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Stories Along the Line: East Rail to roll on historical ground

There's a small army of dedicated men and women, brain and brawn toiling day and night just east of Denver. They're determinedly making plans, laying steel, stretching wire and going door-to-door to inform residents and business owners of what's coming.

Workers install rail on the Pena Blvd. Bridge for the East Rail Line.
Workers install track on the East Rail Line's Peña Blvd. Bridge
What's coming is history in the making - the construction of the East Rail Line from downtown Denver's Union Station to Denver Airport. This ongoing construction project to build nearly 23 miles of commuter transit is making more progress with each passing day. And, when it's complete in 2016, this train line will connect people traveling between Union Station and the airport, one of the busiest in the nation.

As this historical event comes to life, the rail line will cross through a rich history - ground that once was home to a former international airport, and will come within a few blocks of Denver's very first airport.

The old airport - Lowry Field and Combs Field

One of the stops along the new East Rail Line will be at 40th Avenue and Colorado Boulevard, a mere few blocks from 38th Avenue and Dahlia Street, the site of the original Lowry Field, named after Denver native US Army Lt. Francis B. Lowry, who served as an aerial photographer and was killed during aerial combat over France in WWI.

The first Lowry Field was dedicated by the Colorado Air National Guard in 1924. It was nothing more than a large dirt field. At the time, a sign over a hangar reportedly warned pilots, "This field is short, USE IT ALL."

Little known facts

In 1927, thousands of men in suits and hats and women dressed in finery, joined policemen on foot and horseback to greet Charles Lindbergh when his "Spirit of St. Louis" touched down on the wide-open and barren Lowry Field. It was one of 82 stops in the 48 states after his record-breaking flight from New York to Paris in May of that same year.

Chalres Lindbergh at Lowry Field, Denver, Colo.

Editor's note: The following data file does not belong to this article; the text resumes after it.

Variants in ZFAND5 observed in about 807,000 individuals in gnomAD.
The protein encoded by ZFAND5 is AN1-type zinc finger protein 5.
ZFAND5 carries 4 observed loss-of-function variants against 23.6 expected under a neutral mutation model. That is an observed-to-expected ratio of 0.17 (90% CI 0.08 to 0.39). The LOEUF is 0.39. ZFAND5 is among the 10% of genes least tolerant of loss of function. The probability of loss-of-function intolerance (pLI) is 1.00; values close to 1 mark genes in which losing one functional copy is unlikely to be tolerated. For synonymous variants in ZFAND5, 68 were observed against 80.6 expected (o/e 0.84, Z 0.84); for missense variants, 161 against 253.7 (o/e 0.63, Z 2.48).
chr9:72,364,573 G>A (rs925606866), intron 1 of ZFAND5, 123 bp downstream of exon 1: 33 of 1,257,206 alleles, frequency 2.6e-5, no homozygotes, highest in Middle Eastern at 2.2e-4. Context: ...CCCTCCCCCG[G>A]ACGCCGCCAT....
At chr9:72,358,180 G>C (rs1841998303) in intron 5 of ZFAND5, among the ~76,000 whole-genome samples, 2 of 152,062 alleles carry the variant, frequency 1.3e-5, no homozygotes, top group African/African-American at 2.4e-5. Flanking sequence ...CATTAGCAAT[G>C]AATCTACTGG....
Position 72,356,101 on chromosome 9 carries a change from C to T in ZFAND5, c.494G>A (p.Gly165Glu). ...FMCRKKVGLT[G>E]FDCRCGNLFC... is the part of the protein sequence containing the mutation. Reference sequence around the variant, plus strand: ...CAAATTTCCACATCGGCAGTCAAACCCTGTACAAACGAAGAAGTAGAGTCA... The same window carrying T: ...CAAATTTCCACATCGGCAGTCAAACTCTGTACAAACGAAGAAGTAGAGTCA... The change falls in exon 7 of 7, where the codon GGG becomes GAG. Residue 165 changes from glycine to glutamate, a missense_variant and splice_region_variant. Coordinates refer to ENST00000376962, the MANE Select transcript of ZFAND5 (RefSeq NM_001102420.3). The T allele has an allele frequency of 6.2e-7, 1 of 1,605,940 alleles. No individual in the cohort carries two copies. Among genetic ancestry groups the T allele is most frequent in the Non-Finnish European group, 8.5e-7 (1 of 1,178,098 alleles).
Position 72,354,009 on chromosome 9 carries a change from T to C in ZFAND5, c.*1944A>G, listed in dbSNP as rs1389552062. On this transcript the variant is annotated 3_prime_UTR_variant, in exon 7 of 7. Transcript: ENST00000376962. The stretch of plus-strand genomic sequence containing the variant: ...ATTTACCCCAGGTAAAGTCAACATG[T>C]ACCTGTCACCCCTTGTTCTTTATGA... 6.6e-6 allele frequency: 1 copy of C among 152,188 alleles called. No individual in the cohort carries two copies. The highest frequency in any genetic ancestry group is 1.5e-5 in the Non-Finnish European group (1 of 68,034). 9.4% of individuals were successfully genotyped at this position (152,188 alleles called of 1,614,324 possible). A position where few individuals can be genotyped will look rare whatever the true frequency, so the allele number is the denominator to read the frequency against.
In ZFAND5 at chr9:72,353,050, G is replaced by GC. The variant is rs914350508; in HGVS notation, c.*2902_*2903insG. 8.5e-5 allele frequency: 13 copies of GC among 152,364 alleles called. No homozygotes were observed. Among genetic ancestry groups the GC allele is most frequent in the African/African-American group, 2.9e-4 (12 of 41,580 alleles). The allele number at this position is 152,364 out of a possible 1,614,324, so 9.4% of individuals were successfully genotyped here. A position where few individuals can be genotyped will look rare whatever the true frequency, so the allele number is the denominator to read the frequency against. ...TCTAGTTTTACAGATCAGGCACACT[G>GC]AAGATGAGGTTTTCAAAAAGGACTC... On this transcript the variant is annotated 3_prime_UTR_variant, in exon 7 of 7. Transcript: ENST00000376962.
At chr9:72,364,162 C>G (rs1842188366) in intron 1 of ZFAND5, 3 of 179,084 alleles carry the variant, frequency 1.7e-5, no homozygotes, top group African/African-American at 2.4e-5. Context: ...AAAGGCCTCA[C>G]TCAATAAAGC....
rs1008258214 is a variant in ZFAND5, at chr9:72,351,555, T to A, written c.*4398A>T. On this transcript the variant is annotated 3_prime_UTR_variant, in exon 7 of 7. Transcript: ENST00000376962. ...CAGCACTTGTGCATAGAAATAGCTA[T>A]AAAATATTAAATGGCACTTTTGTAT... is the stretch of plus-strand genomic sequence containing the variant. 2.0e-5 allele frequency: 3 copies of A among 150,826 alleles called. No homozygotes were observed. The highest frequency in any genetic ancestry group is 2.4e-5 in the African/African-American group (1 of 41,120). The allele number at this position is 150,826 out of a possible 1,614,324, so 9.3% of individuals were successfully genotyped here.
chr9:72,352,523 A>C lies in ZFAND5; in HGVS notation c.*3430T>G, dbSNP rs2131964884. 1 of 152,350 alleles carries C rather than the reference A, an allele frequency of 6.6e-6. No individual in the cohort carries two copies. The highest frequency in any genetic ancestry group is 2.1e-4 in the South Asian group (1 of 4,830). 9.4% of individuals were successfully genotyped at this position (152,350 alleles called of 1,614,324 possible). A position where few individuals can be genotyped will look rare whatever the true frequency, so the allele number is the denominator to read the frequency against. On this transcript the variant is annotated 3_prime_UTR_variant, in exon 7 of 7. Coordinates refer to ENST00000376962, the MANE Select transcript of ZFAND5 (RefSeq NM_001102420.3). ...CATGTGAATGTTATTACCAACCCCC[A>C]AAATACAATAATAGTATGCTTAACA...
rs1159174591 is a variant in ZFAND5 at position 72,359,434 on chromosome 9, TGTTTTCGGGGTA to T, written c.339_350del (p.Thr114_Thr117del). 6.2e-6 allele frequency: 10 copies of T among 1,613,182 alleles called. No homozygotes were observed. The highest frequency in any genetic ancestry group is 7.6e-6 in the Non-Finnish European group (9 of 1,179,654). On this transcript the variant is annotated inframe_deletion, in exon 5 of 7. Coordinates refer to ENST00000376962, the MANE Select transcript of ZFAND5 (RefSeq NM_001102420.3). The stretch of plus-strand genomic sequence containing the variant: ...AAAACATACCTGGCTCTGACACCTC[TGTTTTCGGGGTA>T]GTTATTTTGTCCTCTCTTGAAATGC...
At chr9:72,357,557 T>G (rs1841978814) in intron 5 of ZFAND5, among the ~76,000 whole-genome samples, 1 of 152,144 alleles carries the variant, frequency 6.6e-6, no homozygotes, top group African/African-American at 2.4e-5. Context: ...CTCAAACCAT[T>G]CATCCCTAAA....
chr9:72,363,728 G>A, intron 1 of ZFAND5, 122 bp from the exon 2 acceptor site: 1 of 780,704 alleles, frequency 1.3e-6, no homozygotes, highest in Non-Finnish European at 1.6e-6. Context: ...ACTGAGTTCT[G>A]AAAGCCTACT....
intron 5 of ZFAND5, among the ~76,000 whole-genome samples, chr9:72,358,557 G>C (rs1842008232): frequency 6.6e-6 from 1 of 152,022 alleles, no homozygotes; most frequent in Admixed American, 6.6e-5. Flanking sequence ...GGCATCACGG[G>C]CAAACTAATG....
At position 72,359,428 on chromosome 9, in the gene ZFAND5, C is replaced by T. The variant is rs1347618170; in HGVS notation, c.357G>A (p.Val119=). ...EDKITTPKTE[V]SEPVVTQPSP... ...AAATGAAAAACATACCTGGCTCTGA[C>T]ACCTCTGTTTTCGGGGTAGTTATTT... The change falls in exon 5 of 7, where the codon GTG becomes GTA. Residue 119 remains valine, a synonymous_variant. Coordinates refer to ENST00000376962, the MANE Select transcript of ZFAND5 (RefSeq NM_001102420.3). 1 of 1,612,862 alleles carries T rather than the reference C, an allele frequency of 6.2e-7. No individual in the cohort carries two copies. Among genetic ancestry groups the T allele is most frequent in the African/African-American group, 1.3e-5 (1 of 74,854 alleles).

Charles Lindbergh, second from left, leaves Lowry Field with a local delegation on Aug. 31, 1927, after parking the Spirit of St. Louis in the hangar behind him. The hangar still stands and is the studio for sculptor Ed Dwight. Photo courtesy of Denver Public Library Western History Department.

In 1937, President Roosevelt authorized funds to relocate Lowry Field 4 miles to the southeast near East 6th Avenue and Quebec Street. It later became a civilian airport known as Combs Field.

The second old airport - Denver Municipal Airport/Stapleton

Another stop along the East Rail Line will be at Central Park Station in the Stapleton community (near I-70 and Central Park Boulevard). This station will serve the 30,000 residents of Stapleton and the area's 35,000 workers.

On this site, Denver Municipal Airport opened in October 1929-a week before the infamous stock market crash. The airport was called the "Union Station of the Air" and heralded as the most modern facility in the country.

Little known facts


Amelia Earhart at Denver Municpal Airport, June 1931. Photo courtesy: Denver Public Library Western History Department
Pioneer aviator Amelia Earhart landed her Autogiro helicopter-like plane here on one of her many cross-country excursions in June 1931. The transcontinental flight was sponsored by Beech-Nut chewing gum. She visited Denver three times between 1931 and 1936.

In 1944, the field was renamed after Denver Mayor Benjamin F. Stapleton, who led the fight for the new airport. Stapleton served two terms as mayor from 1923-1931 and from 1935-1947. The Denver Post dubbed it "Stapleton's Folly" because it was considered
to be too far from civilization and impractical. The airport was just three miles east of downtown.

New airport needed

By the 1980s, passenger traffic increased at the airport and Denver neighborhoods expanded farther east toward the airport, which led to the decision to replace Stapleton with a new one-10 miles to the northeast.

After the airport closed in 1995, the land was re-imagined and redeveloped into an urban lifestyle walkable and diverse community called Stapleton.

When the Stapleton community is complete, it is expected to have 12,000 homes and apartments, two walkable town centers and a major retail destination-The Shops at Northfield which is an open-air mall on the north side of Interstate 70.

RTD's East Rail Line will give people from all over the region a new way to get there.



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